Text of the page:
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Hoffmann, R. A wiki for the life sciences where authorship matters. Nature Genetics (2008)

C6--C10-dicarboxylic aciduria in starved, fat-fed and diabetic rats receiving decanoic acid or medium-chain triacylglycerol. An in vivo measure of the rate of beta-oxidation of fatty acids.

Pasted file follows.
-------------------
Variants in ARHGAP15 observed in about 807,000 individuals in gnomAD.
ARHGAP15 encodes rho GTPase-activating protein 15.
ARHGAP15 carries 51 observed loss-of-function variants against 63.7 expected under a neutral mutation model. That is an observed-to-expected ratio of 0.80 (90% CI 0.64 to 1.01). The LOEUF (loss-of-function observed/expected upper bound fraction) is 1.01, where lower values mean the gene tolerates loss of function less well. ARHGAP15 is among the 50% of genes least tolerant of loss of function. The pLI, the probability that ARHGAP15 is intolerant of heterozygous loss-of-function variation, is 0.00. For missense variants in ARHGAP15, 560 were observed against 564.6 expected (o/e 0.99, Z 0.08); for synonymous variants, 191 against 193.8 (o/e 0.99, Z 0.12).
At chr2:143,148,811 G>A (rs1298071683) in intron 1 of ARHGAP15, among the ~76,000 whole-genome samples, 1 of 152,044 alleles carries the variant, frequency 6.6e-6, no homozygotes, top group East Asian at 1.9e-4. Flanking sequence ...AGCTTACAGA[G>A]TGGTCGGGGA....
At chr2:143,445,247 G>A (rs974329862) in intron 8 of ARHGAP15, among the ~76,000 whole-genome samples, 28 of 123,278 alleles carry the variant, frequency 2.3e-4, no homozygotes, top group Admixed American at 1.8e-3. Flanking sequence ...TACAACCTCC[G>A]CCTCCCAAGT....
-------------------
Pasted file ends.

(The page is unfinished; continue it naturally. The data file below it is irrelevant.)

Administration of decanoic acid to rats resulted not only in elevated urinary excretions of the C10-dicarboxylic acid (sebacic acid), but also in highly elevated excretions of the beta-oxidation products C8- and C6-dicarboxylic acids (suberic and adipic acids). Activation of the lipid metabolism by starvation, fat-feeding and experimental diabetes increased the excretions of adipic acid and decreased the excretions of sebacic acid, i.e. the rate of oxidation of fatty acids was correlated to the adipic : sebacic acid ratio in urine. Compared with nondiabetic unstarved rats the adipic : sebacic acid ratio was elevated 2--3-, 8--16-, 5--19-, and 22--88-times in rats which were, respectively, starved for 2 days, 4 days, on a fat-diet for 4 days, and ketotic due to streptozotocin-induced diabetes. All rats with ratios above 10 were ketotic (urinary excretions of 3-hydroxybutyric acid over 500 microgram/mg creatinine) and all rats with ratios below 4 were nonketotic, while ketosis was a variable finding in rats with intermediary ratios. Similar changes in the ratio of excreted dicarboxylic acids were found when medium-chain triacylglycerols were fed instead of decanoic acid.[1]


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